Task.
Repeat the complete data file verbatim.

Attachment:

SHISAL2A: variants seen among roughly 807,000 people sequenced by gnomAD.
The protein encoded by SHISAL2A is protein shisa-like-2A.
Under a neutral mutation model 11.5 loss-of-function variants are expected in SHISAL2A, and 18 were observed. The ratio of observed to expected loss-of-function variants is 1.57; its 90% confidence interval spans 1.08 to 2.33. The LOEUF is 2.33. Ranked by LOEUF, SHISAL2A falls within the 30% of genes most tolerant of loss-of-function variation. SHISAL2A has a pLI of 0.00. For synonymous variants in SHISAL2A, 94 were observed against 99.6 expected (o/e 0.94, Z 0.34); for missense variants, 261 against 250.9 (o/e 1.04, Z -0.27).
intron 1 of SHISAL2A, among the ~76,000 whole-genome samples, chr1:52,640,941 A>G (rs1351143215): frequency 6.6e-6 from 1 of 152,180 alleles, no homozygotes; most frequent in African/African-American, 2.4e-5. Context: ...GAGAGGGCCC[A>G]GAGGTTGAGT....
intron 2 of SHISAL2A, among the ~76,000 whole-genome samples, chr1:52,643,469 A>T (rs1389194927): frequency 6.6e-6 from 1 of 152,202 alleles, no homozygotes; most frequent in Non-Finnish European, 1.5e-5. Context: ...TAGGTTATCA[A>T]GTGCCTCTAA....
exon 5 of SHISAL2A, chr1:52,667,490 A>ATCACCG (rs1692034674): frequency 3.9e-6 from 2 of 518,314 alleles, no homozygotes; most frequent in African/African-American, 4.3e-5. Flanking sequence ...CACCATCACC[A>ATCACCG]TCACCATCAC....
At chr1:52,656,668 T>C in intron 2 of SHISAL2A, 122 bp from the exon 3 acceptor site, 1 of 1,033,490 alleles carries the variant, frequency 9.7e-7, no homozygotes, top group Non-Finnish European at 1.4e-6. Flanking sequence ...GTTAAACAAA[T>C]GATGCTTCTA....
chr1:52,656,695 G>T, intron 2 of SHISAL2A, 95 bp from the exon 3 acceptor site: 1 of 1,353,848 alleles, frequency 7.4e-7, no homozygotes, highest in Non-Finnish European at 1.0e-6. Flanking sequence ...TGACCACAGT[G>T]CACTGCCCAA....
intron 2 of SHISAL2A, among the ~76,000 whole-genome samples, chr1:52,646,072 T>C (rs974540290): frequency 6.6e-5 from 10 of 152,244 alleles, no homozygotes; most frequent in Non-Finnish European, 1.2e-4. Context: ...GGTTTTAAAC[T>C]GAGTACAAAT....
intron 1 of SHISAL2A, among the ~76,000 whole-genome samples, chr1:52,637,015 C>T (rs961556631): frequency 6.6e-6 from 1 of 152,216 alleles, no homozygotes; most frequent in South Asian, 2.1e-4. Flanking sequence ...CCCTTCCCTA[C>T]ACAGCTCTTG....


SHISAL2A: variants seen among roughly 807,000 people sequenced by gnomAD.
The protein encoded by SHISAL2A is protein shisa-like-2A.
Under a neutral mutation model 11.5 loss-of-function variants are expected in SHISAL2A, and 18 were observed. The ratio of observed to expected loss-of-function variants is 1.57; its 90% confidence interval spans 1.08 to 2.33. The LOEUF is 2.33. Ranked by LOEUF, SHISAL2A falls within the 30% of genes most tolerant of loss-of-function variation. SHISAL2A has a pLI of 0.00. For synonymous variants in SHISAL2A, 94 were observed against 99.6 expected (o/e 0.94, Z 0.34); for missense variants, 261 against 250.9 (o/e 1.04, Z -0.27).
intron 1 of SHISAL2A, among the ~76,000 whole-genome samples, chr1:52,640,941 A>G (rs1351143215): frequency 6.6e-6 from 1 of 152,180 alleles, no homozygotes; most frequent in African/African-American, 2.4e-5. Context: ...GAGAGGGCCC[A>G]GAGGTTGAGT....
intron 2 of SHISAL2A, among the ~76,000 whole-genome samples, chr1:52,643,469 A>T (rs1389194927): frequency 6.6e-6 from 1 of 152,202 alleles, no homozygotes; most frequent in Non-Finnish European, 1.5e-5. Context: ...TAGGTTATCA[A>T]GTGCCTCTAA....
exon 5 of SHISAL2A, chr1:52,667,490 A>ATCACCG (rs1692034674): frequency 3.9e-6 from 2 of 518,314 alleles, no homozygotes; most frequent in African/African-American, 4.3e-5. Flanking sequence ...CACCATCACC[A>ATCACCG]TCACCATCAC....
At chr1:52,656,668 T>C in intron 2 of SHISAL2A, 122 bp from the exon 3 acceptor site, 1 of 1,033,490 alleles carries the variant, frequency 9.7e-7, no homozygotes, top group Non-Finnish European at 1.4e-6. Flanking sequence ...GTTAAACAAA[T>C]GATGCTTCTA....
chr1:52,656,695 G>T, intron 2 of SHISAL2A, 95 bp from the exon 3 acceptor site: 1 of 1,353,848 alleles, frequency 7.4e-7, no homozygotes, highest in Non-Finnish European at 1.0e-6. Flanking sequence ...TGACCACAGT[G>T]CACTGCCCAA....
intron 2 of SHISAL2A, among the ~76,000 whole-genome samples, chr1:52,646,072 T>C (rs974540290): frequency 6.6e-5 from 10 of 152,244 alleles, no homozygotes; most frequent in Non-Finnish European, 1.2e-4. Context: ...GGTTTTAAAC[T>C]GAGTACAAAT....
intron 1 of SHISAL2A, among the ~76,000 whole-genome samples, chr1:52,637,015 C>T (rs961556631): frequency 6.6e-6 from 1 of 152,216 alleles, no homozygotes; most frequent in South Asian, 2.1e-4. Flanking sequence ...CCCTTCCCTA[C>T]ACAGCTCTTG....